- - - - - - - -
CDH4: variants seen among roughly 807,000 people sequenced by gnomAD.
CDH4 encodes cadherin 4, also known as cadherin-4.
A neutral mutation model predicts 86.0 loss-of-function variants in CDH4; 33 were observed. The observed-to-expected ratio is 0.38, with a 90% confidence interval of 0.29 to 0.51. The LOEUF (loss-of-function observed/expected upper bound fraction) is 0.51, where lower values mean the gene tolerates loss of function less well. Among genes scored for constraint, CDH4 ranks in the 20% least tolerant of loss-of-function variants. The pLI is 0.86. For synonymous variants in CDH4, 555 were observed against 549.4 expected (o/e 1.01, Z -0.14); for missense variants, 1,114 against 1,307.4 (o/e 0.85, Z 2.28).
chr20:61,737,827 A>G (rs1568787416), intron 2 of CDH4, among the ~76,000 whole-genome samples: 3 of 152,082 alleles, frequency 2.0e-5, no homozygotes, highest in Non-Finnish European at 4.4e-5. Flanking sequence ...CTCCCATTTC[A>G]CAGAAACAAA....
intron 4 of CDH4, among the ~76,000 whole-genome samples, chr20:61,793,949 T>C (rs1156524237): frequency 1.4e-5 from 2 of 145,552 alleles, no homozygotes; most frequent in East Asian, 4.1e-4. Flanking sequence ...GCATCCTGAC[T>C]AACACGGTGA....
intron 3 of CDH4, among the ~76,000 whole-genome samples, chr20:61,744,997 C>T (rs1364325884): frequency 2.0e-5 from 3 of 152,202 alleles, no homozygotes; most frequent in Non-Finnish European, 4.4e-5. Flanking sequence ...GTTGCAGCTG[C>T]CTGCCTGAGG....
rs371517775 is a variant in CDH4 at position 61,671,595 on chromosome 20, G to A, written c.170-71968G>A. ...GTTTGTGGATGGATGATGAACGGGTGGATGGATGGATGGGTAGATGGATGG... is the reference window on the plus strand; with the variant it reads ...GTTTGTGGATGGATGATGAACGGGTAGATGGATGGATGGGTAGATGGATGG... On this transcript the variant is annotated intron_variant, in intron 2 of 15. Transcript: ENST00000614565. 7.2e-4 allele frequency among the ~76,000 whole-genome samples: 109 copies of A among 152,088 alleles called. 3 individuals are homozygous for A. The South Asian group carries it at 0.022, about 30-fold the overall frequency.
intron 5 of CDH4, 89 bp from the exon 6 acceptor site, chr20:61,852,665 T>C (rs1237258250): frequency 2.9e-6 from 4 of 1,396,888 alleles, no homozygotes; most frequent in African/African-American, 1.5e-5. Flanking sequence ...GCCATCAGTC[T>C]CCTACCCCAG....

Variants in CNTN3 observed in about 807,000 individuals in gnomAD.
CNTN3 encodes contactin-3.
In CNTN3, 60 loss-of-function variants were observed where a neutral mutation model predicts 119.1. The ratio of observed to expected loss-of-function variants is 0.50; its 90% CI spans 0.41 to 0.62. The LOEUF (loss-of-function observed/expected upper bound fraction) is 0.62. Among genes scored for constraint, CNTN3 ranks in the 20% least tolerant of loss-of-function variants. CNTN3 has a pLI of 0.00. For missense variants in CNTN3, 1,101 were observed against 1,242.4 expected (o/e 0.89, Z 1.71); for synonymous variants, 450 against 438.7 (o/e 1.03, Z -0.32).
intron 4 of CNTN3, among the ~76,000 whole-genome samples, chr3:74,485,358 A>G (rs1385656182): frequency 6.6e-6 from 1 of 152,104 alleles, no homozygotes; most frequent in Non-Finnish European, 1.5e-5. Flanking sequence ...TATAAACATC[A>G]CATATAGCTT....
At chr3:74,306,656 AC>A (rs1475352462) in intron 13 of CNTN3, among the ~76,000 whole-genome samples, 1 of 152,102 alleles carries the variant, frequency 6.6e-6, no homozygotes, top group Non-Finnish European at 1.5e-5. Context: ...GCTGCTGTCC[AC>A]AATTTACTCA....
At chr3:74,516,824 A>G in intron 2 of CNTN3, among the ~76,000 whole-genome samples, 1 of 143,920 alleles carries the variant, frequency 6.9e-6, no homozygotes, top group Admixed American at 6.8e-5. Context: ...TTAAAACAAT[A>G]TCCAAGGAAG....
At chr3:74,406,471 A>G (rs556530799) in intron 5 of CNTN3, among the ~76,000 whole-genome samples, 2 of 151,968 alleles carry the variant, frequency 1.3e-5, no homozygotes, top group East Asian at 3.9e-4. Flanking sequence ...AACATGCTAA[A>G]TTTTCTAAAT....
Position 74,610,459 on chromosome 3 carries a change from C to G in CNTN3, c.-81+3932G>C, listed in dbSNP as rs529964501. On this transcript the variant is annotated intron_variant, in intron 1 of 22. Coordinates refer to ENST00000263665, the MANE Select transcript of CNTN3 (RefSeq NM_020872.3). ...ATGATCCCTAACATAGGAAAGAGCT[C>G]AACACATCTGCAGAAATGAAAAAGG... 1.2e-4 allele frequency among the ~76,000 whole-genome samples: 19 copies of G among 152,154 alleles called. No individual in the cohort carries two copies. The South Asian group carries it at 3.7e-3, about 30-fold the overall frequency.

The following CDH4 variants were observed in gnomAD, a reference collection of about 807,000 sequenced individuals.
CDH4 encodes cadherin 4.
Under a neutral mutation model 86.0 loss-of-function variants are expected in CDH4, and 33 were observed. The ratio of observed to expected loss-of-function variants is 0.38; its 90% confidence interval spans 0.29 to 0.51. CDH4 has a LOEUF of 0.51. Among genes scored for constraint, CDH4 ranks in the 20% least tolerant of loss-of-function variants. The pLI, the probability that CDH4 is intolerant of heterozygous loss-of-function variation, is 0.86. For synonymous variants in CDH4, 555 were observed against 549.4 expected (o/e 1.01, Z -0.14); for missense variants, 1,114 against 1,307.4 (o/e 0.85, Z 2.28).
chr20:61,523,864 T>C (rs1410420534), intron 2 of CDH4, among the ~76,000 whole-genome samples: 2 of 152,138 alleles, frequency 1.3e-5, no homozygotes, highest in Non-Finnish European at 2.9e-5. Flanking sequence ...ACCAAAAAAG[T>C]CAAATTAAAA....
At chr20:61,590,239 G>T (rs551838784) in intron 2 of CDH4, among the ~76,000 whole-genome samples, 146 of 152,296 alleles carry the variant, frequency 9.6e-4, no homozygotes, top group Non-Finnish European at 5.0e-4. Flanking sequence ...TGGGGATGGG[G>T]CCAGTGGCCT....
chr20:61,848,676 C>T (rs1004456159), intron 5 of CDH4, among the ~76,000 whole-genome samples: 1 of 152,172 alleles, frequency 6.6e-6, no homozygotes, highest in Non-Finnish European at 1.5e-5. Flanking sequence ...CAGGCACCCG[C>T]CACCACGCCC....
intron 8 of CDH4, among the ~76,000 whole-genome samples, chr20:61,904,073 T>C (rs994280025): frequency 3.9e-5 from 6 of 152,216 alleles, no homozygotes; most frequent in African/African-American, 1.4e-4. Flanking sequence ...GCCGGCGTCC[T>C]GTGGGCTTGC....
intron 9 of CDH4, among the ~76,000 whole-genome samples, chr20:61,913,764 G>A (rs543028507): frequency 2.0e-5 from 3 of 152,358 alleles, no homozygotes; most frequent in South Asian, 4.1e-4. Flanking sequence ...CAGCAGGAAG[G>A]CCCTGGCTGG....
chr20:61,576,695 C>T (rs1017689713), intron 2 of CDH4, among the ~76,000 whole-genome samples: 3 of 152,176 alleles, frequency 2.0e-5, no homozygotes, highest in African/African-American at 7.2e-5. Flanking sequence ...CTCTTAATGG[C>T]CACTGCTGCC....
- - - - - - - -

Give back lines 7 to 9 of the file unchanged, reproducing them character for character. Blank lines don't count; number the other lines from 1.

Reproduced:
rs371517775 is a variant in CDH4 at position 61,671,595 on chromosome 20, G to A, written c.170-71968G>A. ...GTTTGTGGATGGATGATGAACGGGTGGATGGATGGATGGGTAGATGGATGG... is the reference window on the plus strand; with the variant it reads ...GTTTGTGGATGGATGATGAACGGGTAGATGGATGGATGGGTAGATGGATGG... On this transcript the variant is annotated intron_variant, in intron 2 of 15. Transcript: ENST00000614565. 7.2e-4 allele frequency among the ~76,000 whole-genome samples: 109 copies of A among 152,088 alleles called. 3 individuals are homozygous for A. The South Asian group carries it at 0.022, about 30-fold the overall frequency.
intron 5 of CDH4, 89 bp from the exon 6 acceptor site, chr20:61,852,665 T>C (rs1237258250): frequency 2.9e-6 from 4 of 1,396,888 alleles, no homozygotes; most frequent in African/African-American, 1.5e-5. Flanking sequence ...GCCATCAGTC[T>C]CCTACCCCAG....

Variants in CNTN3 observed in about 807,000 individuals in gnomAD.